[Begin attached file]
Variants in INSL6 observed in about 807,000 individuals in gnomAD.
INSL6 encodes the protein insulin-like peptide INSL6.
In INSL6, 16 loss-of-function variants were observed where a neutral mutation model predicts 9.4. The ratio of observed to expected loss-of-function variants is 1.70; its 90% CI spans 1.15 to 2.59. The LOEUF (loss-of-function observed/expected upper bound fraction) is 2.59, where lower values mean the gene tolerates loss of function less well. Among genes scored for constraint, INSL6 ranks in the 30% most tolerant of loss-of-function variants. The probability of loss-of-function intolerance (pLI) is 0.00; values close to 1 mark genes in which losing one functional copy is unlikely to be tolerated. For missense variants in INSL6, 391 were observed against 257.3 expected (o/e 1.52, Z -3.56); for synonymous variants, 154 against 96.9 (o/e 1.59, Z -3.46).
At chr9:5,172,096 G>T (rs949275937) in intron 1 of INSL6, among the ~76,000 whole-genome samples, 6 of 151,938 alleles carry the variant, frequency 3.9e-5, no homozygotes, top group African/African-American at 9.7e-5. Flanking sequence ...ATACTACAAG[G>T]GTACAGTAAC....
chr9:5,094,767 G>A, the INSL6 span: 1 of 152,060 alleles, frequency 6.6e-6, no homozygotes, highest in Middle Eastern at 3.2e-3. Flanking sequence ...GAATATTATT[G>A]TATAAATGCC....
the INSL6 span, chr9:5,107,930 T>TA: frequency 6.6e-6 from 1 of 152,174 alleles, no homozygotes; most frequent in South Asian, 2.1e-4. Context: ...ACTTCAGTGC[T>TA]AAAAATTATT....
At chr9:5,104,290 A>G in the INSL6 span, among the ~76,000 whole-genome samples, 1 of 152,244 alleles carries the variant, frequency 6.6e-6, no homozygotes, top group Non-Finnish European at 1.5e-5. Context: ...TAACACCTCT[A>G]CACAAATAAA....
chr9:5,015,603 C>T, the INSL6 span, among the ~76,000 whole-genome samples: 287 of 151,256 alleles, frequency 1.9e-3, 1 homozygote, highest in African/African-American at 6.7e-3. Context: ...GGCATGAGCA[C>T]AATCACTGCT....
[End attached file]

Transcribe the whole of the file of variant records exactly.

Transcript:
Variants in INSL6 observed in about 807,000 individuals in gnomAD.
INSL6 encodes the protein insulin-like peptide INSL6.
In INSL6, 16 loss-of-function variants were observed where a neutral mutation model predicts 9.4. The ratio of observed to expected loss-of-function variants is 1.70; its 90% CI spans 1.15 to 2.59. The LOEUF (loss-of-function observed/expected upper bound fraction) is 2.59, where lower values mean the gene tolerates loss of function less well. Among genes scored for constraint, INSL6 ranks in the 30% most tolerant of loss-of-function variants. The probability of loss-of-function intolerance (pLI) is 0.00; values close to 1 mark genes in which losing one functional copy is unlikely to be tolerated. For missense variants in INSL6, 391 were observed against 257.3 expected (o/e 1.52, Z -3.56); for synonymous variants, 154 against 96.9 (o/e 1.59, Z -3.46).
At chr9:5,172,096 G>T (rs949275937) in intron 1 of INSL6, among the ~76,000 whole-genome samples, 6 of 151,938 alleles carry the variant, frequency 3.9e-5, no homozygotes, top group African/African-American at 9.7e-5. Flanking sequence ...ATACTACAAG[G>T]GTACAGTAAC....
chr9:5,094,767 G>A, the INSL6 span: 1 of 152,060 alleles, frequency 6.6e-6, no homozygotes, highest in Middle Eastern at 3.2e-3. Flanking sequence ...GAATATTATT[G>A]TATAAATGCC....
the INSL6 span, chr9:5,107,930 T>TA: frequency 6.6e-6 from 1 of 152,174 alleles, no homozygotes; most frequent in South Asian, 2.1e-4. Context: ...ACTTCAGTGC[T>TA]AAAAATTATT....
At chr9:5,104,290 A>G in the INSL6 span, among the ~76,000 whole-genome samples, 1 of 152,244 alleles carries the variant, frequency 6.6e-6, no homozygotes, top group Non-Finnish European at 1.5e-5. Context: ...TAACACCTCT[A>G]CACAAATAAA....
chr9:5,015,603 C>T, the INSL6 span, among the ~76,000 whole-genome samples: 287 of 151,256 alleles, frequency 1.9e-3, 1 homozygote, highest in African/African-American at 6.7e-3. Context: ...GGCATGAGCA[C>T]AATCACTGCT....